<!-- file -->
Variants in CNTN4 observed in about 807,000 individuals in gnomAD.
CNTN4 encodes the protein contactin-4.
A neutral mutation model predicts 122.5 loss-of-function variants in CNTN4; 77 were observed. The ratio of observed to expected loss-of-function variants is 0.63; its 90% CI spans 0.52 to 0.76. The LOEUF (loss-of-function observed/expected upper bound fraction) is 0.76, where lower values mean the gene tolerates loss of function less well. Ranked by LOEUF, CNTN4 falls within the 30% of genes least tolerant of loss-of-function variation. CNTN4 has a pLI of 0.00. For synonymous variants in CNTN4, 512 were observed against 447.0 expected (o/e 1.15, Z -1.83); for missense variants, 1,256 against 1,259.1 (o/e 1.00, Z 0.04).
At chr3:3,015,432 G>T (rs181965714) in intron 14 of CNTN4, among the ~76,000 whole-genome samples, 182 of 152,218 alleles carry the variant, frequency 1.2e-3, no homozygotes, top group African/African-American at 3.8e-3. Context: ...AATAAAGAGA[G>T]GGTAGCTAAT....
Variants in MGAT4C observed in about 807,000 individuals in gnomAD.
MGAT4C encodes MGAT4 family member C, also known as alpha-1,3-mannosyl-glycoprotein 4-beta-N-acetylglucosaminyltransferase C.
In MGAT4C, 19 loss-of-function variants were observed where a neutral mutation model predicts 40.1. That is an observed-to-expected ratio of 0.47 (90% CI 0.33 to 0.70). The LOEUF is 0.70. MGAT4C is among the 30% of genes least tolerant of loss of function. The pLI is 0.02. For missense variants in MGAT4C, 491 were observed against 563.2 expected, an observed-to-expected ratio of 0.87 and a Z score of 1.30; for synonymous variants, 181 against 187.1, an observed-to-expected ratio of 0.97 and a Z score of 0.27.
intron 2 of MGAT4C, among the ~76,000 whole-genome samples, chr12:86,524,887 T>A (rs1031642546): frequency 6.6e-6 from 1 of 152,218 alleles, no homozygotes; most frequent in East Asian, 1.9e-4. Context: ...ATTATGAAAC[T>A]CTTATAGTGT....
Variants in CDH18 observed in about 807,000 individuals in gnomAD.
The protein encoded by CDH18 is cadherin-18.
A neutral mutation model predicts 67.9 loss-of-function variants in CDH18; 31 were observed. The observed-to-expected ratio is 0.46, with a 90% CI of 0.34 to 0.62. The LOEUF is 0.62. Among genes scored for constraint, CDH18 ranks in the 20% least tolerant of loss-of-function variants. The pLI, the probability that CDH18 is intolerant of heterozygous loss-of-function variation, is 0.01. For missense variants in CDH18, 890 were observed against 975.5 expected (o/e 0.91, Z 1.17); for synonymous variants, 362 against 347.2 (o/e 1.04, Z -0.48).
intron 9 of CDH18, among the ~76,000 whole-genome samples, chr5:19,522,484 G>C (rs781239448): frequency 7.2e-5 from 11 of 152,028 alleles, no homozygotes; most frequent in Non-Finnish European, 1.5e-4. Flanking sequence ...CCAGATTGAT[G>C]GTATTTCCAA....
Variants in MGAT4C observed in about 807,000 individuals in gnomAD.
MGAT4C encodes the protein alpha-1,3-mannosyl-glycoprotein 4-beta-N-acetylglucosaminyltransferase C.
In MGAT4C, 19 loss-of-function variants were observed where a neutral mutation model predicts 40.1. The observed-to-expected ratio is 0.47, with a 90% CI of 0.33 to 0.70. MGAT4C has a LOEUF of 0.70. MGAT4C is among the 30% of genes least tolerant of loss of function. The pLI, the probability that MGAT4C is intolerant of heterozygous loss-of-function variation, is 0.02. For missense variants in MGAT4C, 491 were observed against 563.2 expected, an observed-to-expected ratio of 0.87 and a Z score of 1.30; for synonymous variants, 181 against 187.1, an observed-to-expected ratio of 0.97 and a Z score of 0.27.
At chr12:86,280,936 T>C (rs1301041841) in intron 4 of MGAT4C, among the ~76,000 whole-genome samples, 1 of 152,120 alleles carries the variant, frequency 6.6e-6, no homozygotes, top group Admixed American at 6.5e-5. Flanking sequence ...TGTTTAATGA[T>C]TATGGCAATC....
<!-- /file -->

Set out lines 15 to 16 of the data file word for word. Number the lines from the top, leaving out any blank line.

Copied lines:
In MGAT4C, 19 loss-of-function variants were observed where a neutral mutation model predicts 40.1. The observed-to-expected ratio is 0.47, with a 90% CI of 0.33 to 0.70. MGAT4C has a LOEUF of 0.70. MGAT4C is among the 30% of genes least tolerant of loss of function. The pLI, the probability that MGAT4C is intolerant of heterozygous loss-of-function variation, is 0.02. For missense variants in MGAT4C, 491 were observed against 563.2 expected, an observed-to-expected ratio of 0.87 and a Z score of 1.30; for synonymous variants, 181 against 187.1, an observed-to-expected ratio of 0.97 and a Z score of 0.27.
At chr12:86,280,936 T>C (rs1301041841) in intron 4 of MGAT4C, among the ~76,000 whole-genome samples, 1 of 152,120 alleles carries the variant, frequency 6.6e-6, no homozygotes, top group Admixed American at 6.5e-5. Flanking sequence ...TGTTTAATGA[T>C]TATGGCAATC....